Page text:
Book Review: Julius Caesar

Julius Caesar
By: William Shakespeare
Publication Date: c. 1600
Page Count: 304
Source: Purchased by Reviewer
Genre: Drama
Free via Project Gutenberg 

 When I found out I had to teach Julius Caesar as part of my 10th grade curriculum, to say I wasn’t pleased is an understatement. Why am I stuck with a boring history about a bunch of dead Romans? Why couldn’t I have gotten something GOOD like Macbeth or Hamlet or The Tempest? Why does the lucky freshman teacher get to teach Romeo and Juliet and I’m stuck with dumb old Julius Caesar? Little did I know, I was the lucky one.

First of all, I was wrong. Julius Caesar isn’t one of Shakespeare’s histories, it’s one of his tragedies, which makes a world of difference. Julius Caesar is enthralling, inventive, interesting, and above all, entertaining. From the first act, the reader is invested in Brutus’s tragic story. That’s right, Brutus. Turns out Julius Caesar isn’t really about Julius Caesar despite its misleading title. At its heart, the play is the story of the selfless and naïve Brutus; the jealous and conniving Cassuis; and the loyal and cunning Marc Antony (of Cleopatra fame). And the absolute power of words.

Here’s the basic plot, modernized and simplified, I think you’ll be able to tell I teach 16 year olds all day. Caesar and Brutus are BFF’s, but when Caesar returns from defeating Pompey, Brutus worries that he’s getting a big head. Enter Cassius. Cassius wants Caesar’s power, so he exploits the fear that Caesar might be crowned king, and turns his closest friends against him, except Brutus and the loyal yes-man Marc Antony. Antony is blindly loyal and Brutus, you see, is a tougher sell. He loves Caesar, but, ultimately, he loves the people of Rome more and he agrees to assist in the assassination of his closet friend in order to save the country he loves. Once (spoiler alert) Caesar falls, Anthony fears for his safety and flees Rome. He is allowed to return and given permission to speak at his friend’s funeral. All that happens before the middle of Act III and that’s when the plot really takes off.

 I won’t give anything else away, but I will tell you that my classes designed Team Antony and Team Brutus shirts after a particularly heated discussion of the later part of Act III in class one day. Antony is an intelligent orator and Brutus is a tragic hero, and you root for both of them. But Julius Caesar is a Shakespearean tragedy, so not everyone can survive in end.

 Julius Caesar is one of Shakespeare’s best. His signature puns and word manipulation are there, along with incredible rhetoric and strong characters. The plot has twists and turns, mystery and intrigue. His characters are dynamic and interesting and Act V is both satisfying and thought provoking (though, if you ask me, his craft as a writer really shines in Acts III and IV). And for the record, I’m Team Switzerland, but if you make me choose, I’ll pick Antony over Brutus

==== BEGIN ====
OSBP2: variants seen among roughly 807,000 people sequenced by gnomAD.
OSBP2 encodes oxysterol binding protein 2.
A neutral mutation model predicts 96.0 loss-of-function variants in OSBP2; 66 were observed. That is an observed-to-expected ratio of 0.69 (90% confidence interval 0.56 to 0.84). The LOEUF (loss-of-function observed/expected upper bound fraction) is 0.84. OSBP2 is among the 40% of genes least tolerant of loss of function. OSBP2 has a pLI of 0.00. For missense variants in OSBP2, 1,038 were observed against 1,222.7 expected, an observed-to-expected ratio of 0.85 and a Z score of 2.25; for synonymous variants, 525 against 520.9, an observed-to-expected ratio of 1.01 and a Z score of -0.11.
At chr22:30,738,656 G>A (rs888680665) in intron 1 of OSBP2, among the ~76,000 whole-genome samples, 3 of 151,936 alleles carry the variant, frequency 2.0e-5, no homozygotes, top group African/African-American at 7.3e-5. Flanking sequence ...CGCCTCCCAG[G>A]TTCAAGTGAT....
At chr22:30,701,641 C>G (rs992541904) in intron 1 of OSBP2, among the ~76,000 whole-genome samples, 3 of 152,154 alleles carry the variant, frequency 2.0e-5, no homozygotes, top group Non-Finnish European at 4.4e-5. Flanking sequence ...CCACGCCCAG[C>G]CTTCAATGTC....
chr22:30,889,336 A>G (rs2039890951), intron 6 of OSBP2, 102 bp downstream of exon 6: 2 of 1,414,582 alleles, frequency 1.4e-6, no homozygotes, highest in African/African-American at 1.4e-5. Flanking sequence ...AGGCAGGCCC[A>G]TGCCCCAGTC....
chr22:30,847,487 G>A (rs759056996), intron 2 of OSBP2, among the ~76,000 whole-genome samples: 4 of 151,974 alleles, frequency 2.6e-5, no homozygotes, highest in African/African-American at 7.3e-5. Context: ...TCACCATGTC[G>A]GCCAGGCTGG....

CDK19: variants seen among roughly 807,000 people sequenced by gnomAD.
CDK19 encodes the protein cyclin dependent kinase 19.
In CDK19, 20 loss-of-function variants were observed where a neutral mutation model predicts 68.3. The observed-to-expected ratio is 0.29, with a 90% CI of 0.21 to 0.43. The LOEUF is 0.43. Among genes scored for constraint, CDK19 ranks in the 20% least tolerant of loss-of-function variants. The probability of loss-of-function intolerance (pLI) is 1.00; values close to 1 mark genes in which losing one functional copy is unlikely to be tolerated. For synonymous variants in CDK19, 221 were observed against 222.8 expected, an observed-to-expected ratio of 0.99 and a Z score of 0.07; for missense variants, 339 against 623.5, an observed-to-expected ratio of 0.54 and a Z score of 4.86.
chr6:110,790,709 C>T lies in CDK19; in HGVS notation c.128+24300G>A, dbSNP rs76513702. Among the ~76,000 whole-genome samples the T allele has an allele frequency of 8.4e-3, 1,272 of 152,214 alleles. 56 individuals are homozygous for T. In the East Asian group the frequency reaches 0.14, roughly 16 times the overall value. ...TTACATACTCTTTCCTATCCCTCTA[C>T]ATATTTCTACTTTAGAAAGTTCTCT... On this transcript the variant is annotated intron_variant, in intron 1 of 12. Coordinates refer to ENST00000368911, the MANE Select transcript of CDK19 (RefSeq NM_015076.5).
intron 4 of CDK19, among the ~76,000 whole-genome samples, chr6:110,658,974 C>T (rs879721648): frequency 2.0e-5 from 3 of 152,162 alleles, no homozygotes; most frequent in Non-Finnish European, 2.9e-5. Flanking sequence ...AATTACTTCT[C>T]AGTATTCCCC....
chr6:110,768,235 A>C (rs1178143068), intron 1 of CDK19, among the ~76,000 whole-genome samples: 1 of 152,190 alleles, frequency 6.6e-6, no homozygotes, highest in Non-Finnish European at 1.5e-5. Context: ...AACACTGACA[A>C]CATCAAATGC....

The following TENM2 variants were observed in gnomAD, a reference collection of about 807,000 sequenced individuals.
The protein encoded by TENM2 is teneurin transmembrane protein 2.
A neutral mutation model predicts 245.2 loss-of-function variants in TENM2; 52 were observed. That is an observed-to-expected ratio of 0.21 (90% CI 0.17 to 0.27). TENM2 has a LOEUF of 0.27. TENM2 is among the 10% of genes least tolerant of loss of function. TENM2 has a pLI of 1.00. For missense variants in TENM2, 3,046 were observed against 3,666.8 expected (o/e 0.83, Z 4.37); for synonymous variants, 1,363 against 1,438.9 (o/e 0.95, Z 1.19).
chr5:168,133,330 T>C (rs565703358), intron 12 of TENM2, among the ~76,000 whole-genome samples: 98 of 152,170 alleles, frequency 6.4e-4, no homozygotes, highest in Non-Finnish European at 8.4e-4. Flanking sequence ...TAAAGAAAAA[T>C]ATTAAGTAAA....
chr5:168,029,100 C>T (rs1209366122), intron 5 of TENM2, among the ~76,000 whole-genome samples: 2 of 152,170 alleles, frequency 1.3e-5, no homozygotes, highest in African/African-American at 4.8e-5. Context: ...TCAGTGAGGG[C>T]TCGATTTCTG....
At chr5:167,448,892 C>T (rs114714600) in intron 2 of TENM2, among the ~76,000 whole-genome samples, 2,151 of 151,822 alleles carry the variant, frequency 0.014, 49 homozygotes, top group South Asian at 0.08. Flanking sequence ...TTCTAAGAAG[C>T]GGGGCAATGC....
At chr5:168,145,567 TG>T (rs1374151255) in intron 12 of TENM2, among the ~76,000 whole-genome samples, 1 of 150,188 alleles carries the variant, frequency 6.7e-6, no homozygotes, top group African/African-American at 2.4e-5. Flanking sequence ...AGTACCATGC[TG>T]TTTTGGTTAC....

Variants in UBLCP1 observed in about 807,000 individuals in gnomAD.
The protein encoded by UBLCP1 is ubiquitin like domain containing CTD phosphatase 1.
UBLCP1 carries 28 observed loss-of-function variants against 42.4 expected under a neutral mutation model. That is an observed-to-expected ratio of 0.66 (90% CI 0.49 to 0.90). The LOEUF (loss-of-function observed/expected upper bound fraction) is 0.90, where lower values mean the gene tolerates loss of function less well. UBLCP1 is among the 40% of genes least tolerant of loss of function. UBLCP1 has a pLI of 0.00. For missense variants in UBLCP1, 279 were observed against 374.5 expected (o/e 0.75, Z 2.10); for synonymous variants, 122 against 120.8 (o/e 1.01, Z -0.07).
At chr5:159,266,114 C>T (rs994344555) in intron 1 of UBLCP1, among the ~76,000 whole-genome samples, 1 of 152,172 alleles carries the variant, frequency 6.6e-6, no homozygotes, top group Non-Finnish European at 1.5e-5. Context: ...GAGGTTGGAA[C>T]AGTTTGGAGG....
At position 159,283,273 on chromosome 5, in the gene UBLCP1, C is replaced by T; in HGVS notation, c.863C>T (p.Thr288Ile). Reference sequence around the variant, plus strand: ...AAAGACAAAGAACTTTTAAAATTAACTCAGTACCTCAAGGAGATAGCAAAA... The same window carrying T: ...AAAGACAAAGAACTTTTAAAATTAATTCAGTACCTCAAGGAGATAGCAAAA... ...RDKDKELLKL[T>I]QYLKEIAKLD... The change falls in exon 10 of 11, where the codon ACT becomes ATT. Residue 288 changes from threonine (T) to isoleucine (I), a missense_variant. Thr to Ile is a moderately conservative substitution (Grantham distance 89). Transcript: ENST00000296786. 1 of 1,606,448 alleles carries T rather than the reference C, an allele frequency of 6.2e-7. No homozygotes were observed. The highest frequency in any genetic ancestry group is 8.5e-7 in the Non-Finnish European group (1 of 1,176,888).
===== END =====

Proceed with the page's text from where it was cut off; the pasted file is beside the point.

Final Word: If you consider yourself a Shakespeare fan, read (or re-read) this. The conspiracy storyline is still relevant hundreds of years later and someone dies by eating fire for Pete’s sake! It’s fantastic.

In this striking tragedy of political conflict, Shakespeare turns to the ancient Roman world and to the famous assassination of Julius Caesar by his republican opponents. The play is one of tumultuous rivalry, of prophetic warnings -- "Beware the ides of March" -- and of moving public oratory "Friends, Romans, countrymen!" Ironies abound and most of all for Brutus, whose fate it is to learn that his idealistic motives for joining the conspiracy against a would-be dictator are not enough to sustain the movement once Caesar is dead.


  1. English has always been one of my favorite subjects in secondary school. I was so thrilled when we were reading and talking about Shakespeare's work and Julius Caesar was one of the titles. Such an exciting story. We also listened to a very old tape of a musical, that was a lot of fun, haha.


  2. I didn't enjoy Caesar when I taught it- I was focused on other pieces of literature, and concentrated my Shakespeare time on Hamlet (which I still miss teaching, 9 years later.) You've convinced me I need to do a re-read of Caesar.

  3. Oh Paula, you MUST! It starts slow, but by the end my students absolutely love it (we're getting the shirts done professionally and they are so excited about them!). I focus on the speeches in Act III and a handful of rhetorical devices and the appeals to logic, emotion, and authority. I love the puns that start in Act I with the cobbler razzing one of the jerky senators about being a mender of bad soles. Antony comes out of NOWHERE with his funeral speech and his manipulation of language to achieve an end (one that isn't entirely noble, I might add) is fantastic. The two important death scenes near the end are so stark in contrast and say so much about each man... *sigh* I really should have given it four and a half birdies. lol


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